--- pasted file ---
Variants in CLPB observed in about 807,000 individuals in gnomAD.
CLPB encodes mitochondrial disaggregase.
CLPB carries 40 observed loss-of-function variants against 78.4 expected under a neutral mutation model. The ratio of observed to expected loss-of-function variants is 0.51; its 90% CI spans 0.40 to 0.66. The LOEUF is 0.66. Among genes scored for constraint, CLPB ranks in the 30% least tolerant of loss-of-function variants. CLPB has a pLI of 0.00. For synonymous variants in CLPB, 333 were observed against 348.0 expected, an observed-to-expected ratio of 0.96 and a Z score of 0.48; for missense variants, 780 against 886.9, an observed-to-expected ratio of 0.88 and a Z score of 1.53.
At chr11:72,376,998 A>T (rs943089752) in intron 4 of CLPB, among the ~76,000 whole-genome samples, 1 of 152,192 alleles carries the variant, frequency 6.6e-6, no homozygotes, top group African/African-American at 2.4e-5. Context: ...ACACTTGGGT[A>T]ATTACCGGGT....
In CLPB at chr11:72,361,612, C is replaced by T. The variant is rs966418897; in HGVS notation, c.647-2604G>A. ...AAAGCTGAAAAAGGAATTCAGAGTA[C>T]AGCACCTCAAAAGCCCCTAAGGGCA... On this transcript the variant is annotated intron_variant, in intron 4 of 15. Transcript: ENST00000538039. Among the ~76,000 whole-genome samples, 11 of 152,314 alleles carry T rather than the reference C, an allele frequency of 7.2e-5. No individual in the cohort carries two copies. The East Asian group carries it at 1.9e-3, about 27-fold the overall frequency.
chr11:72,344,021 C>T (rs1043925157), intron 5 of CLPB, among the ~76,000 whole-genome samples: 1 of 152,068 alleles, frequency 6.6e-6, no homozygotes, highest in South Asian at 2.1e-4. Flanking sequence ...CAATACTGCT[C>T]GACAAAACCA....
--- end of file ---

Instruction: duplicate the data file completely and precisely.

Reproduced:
Variants in CLPB observed in about 807,000 individuals in gnomAD.
CLPB encodes mitochondrial disaggregase.
CLPB carries 40 observed loss-of-function variants against 78.4 expected under a neutral mutation model. The ratio of observed to expected loss-of-function variants is 0.51; its 90% CI spans 0.40 to 0.66. The LOEUF is 0.66. Among genes scored for constraint, CLPB ranks in the 30% least tolerant of loss-of-function variants. CLPB has a pLI of 0.00. For synonymous variants in CLPB, 333 were observed against 348.0 expected, an observed-to-expected ratio of 0.96 and a Z score of 0.48; for missense variants, 780 against 886.9, an observed-to-expected ratio of 0.88 and a Z score of 1.53.
At chr11:72,376,998 A>T (rs943089752) in intron 4 of CLPB, among the ~76,000 whole-genome samples, 1 of 152,192 alleles carries the variant, frequency 6.6e-6, no homozygotes, top group African/African-American at 2.4e-5. Context: ...ACACTTGGGT[A>T]ATTACCGGGT....
In CLPB at chr11:72,361,612, C is replaced by T. The variant is rs966418897; in HGVS notation, c.647-2604G>A. ...AAAGCTGAAAAAGGAATTCAGAGTA[C>T]AGCACCTCAAAAGCCCCTAAGGGCA... On this transcript the variant is annotated intron_variant, in intron 4 of 15. Transcript: ENST00000538039. Among the ~76,000 whole-genome samples, 11 of 152,314 alleles carry T rather than the reference C, an allele frequency of 7.2e-5. No individual in the cohort carries two copies. The East Asian group carries it at 1.9e-3, about 27-fold the overall frequency.
chr11:72,344,021 C>T (rs1043925157), intron 5 of CLPB, among the ~76,000 whole-genome samples: 1 of 152,068 alleles, frequency 6.6e-6, no homozygotes, highest in South Asian at 2.1e-4. Flanking sequence ...CAATACTGCT[C>T]GACAAAACCA....